HGSCs are genomically instable and aneuploid. Approximately 10% of patients with HGSC have a germ-line BRCA1 or BRCA2 mutation. Moreover, sporadic tumors exhibit a BRCAness phenotype with BRCA loss by somatic mutation (3%) or promoter hypermethylation (11%) of BRCA genes[7]. HGSCs are derived from the surface epithelium without a known precursor according to the “incessant ovulation theory.” However, pathologic studies on prophylactic bilateral salpingo-oophorectomies in patients with germline BRCA mutations have demonstrated occult intraepithelial serous carcinomas in 17% of patients, primarily located in the fimbriated end of the fallopian tube[8]. This serous tubal intraepithelial carcinoma (STIC) exhibited the same TP53 mutation profile of invasive ovarian carcinomas in patients with BRCA mutation, indicating that STIC potentially represents a precursor of ovarian serous carcinomas. STIC was also detected in 60% of sporadic ovarian and peritoneal carcinomas with the same TP53 mutational profile, supporting a direct relationship between a non-invasive lesion in the fallopian tube and an invasive carcinoma in the ovary or the peritoneum[9].

Low-grade serous carcinoma (LGSC)

LGSC is less common, representing 10%–15% of serous carcinomas and < 5% of all ovarian carcinomas. This carcinoma is associated with a serous borderline tumor or represents the recurrent lesion observed after a diagnosis of borderline serous tumor. This tumor is composed of non-hierarchical papillae or micropapillae without nuclear atypia and with less than 12 mitoses per 10 high-power fields (Figure 1B ). Patients with these slow growing tumors exhibit a 10-year survival rate of 50% (median overall survival, 82 months) and a relative insensitivity to chemotherapy. The immunoprofile of LGSCs is comparable to that of HGSCs. No TP53 mutations are observed in these tumors, so P53 overexpression is not evident by immunohistochemistry. LGSCs are genetically stable and diploid tumors[10]. They harbor KRAS (mutation at exon 12 or 13 in 19% of cases), BRAF V600E (5%–38% of cases), or ERBB2 mutations (6% of cases) that are mutually exclusive[11]. However, BRAF mutation (V600E) is more frequently observed in serous borderline tumors (28%–48%) than in LGSCs (5%–38%)[12].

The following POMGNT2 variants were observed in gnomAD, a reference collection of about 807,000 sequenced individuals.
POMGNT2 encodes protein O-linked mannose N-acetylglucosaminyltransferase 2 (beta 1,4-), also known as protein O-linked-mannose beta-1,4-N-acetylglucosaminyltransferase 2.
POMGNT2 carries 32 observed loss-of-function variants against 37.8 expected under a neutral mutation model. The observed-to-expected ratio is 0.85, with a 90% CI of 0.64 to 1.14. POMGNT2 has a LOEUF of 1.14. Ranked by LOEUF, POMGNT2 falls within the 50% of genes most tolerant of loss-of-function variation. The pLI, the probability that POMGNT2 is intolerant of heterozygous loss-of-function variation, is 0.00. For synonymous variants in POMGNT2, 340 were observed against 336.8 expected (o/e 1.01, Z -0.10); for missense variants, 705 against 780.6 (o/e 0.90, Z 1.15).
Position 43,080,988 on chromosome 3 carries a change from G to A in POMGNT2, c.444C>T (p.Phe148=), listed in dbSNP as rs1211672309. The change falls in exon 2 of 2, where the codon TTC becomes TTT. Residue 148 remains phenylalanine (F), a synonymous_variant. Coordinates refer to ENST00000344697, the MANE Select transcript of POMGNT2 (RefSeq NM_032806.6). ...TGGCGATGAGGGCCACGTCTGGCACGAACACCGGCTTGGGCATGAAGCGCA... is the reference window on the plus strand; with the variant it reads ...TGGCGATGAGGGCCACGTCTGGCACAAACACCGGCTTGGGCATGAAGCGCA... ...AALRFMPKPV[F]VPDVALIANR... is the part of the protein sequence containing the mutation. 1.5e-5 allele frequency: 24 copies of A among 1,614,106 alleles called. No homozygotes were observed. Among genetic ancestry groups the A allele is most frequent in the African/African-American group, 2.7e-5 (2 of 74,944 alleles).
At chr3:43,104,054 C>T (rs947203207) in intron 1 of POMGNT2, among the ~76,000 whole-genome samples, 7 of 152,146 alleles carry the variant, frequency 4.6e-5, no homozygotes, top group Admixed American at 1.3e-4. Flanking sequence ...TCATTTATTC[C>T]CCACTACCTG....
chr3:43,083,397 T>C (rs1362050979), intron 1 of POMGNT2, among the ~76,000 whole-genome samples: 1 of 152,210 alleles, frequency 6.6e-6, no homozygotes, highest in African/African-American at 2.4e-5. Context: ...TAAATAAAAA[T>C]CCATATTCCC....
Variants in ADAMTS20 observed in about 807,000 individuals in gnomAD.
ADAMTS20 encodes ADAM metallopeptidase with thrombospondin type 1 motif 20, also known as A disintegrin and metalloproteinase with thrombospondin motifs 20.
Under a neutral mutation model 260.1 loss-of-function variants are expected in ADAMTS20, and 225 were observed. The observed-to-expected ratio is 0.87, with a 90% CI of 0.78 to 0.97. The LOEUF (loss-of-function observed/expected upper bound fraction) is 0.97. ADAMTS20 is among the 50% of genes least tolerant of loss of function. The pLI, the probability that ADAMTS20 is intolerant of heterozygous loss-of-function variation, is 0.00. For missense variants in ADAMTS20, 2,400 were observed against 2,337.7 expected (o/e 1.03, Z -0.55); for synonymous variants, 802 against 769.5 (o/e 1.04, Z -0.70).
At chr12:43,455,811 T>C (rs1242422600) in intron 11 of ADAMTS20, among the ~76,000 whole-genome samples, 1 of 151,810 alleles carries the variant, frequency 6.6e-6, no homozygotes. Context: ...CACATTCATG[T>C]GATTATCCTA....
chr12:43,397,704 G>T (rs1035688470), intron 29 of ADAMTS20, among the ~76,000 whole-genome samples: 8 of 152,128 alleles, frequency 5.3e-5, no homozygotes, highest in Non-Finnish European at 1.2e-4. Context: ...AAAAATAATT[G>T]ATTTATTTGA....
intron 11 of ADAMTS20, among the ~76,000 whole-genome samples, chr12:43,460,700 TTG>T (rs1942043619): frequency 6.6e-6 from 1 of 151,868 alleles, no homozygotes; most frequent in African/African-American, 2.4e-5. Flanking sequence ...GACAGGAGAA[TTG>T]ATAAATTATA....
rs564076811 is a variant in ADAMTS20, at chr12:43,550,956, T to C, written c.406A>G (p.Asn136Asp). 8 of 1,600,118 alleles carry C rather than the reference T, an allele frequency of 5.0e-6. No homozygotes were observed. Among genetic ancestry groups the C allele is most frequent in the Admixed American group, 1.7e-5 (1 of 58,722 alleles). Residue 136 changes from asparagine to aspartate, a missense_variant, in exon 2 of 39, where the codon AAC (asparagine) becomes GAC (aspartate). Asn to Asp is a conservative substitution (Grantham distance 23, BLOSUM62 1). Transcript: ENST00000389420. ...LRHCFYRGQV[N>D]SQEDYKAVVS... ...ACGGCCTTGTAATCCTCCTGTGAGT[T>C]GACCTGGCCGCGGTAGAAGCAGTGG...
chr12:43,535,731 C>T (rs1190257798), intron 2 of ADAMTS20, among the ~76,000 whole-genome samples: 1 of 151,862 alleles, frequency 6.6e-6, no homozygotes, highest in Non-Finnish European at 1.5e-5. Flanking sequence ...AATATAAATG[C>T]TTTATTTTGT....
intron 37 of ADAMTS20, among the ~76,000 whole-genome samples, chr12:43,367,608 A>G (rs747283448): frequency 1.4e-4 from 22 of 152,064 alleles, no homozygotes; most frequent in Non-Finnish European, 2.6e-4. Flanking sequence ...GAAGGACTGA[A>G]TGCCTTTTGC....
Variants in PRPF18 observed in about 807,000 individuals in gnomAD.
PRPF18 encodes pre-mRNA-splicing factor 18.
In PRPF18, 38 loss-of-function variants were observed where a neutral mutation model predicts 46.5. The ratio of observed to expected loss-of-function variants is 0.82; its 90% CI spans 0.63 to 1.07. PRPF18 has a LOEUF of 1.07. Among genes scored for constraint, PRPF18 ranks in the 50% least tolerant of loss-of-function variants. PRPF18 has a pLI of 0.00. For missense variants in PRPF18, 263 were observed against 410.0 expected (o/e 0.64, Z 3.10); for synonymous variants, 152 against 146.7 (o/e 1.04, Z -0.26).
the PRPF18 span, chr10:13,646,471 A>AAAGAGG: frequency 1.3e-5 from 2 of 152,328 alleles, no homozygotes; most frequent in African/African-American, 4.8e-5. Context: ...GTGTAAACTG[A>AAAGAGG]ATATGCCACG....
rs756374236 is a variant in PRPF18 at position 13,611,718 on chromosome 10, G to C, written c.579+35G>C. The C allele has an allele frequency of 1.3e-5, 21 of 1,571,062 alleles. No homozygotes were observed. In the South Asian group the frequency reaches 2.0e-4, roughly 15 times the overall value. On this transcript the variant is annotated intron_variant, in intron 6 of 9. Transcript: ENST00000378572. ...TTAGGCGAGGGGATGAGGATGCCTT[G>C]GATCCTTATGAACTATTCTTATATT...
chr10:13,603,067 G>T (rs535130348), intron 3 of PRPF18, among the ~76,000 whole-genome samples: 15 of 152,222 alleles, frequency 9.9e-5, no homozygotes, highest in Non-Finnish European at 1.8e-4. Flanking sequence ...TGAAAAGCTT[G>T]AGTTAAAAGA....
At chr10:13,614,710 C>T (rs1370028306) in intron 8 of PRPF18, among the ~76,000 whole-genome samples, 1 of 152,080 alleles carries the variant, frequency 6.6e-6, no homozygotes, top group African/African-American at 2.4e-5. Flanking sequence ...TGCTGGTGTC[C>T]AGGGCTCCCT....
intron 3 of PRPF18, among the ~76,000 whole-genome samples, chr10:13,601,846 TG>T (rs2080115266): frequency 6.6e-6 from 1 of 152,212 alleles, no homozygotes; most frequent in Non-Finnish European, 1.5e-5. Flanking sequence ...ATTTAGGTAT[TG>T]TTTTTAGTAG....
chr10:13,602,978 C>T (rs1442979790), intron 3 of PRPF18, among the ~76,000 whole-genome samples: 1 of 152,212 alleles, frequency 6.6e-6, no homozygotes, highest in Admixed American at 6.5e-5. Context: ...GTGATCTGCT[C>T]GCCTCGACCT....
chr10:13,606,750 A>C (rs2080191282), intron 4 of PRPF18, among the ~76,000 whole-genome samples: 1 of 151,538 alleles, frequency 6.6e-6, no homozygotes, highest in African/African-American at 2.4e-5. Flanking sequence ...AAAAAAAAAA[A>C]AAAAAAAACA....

Endometrioid carcinomas

Endometrioid carcinomas account for 10% of all ovarian carcinomas and are generally unilateral solid masses with a smooth outer surface. These tumors are composed of glands resembling endometrial epithelium (Figure 1C ) and may be associated (23%–42%) with ovarian or pelvic endometriosis. These tumors exhibit CK7-, PAX8-, and hormone (estrogen and progesterone) receptor-positive as well as WT1- and CK20-negative staining; these classifications aid in the distinction from serous and colonic carcinomas, respectively. These tumors are graded into three grades according to the International Federation of Gynecology and Obstetrics (FIGO) system, which is based on the presence of solid areas and the degree of nuclear atypia. Grade 3 tumors tend to harbor TP53 mutations and may be difficult to distinguish from HGSCs. Genomically, endometrioid carcinomas exhibit the following molecular abnormalities observed in their endometrial counterparts: CTNNB-1 (48%), PIK3CA (20%), PTEN (20%), and ARID1A (30%) mutations. This ovarian carcinoma subtype is most often observed in patients with Lynch syndrome. A number of sporadic cases also exhibit microsatellite instabilities (hypermethylation of MLH1 promoter)[13]. The same mutations (PTEN and ARID1A) have been detected in the carcinoma and in the immediately adjacent regions of endometriosis, indicating that endometriosis potentially serves as their precursor.

Mucinous carcinomas

Primary mucinous carcinomas are classified as intestinal tumors (containing goblet cells) and comprise only 2%–3% of ovarian carcinomas. These tumors are unilateral, stage I (75%–80%), large (18–22 cm), and multicystic tumors filled with mucus. They often contain solid areas. Histologically, they are composed of cysts and glands of variable size, with a confluent pattern and back-to-back glands. Complex papillary architecture is also observed. The cells are tall, columnar, and stratified with basophilic cytoplasm containing mucin. Invasive mucinous carcinomas are subclassified as expansile and infiltrative pattern types.

Expansile type mucinous carcinomas (Figure 1D ) are classified as stage I disease. These tumors exhibit a very good prognosis and are composed of confluent glands with little or no interposed stroma; they are primarily observed in young patients.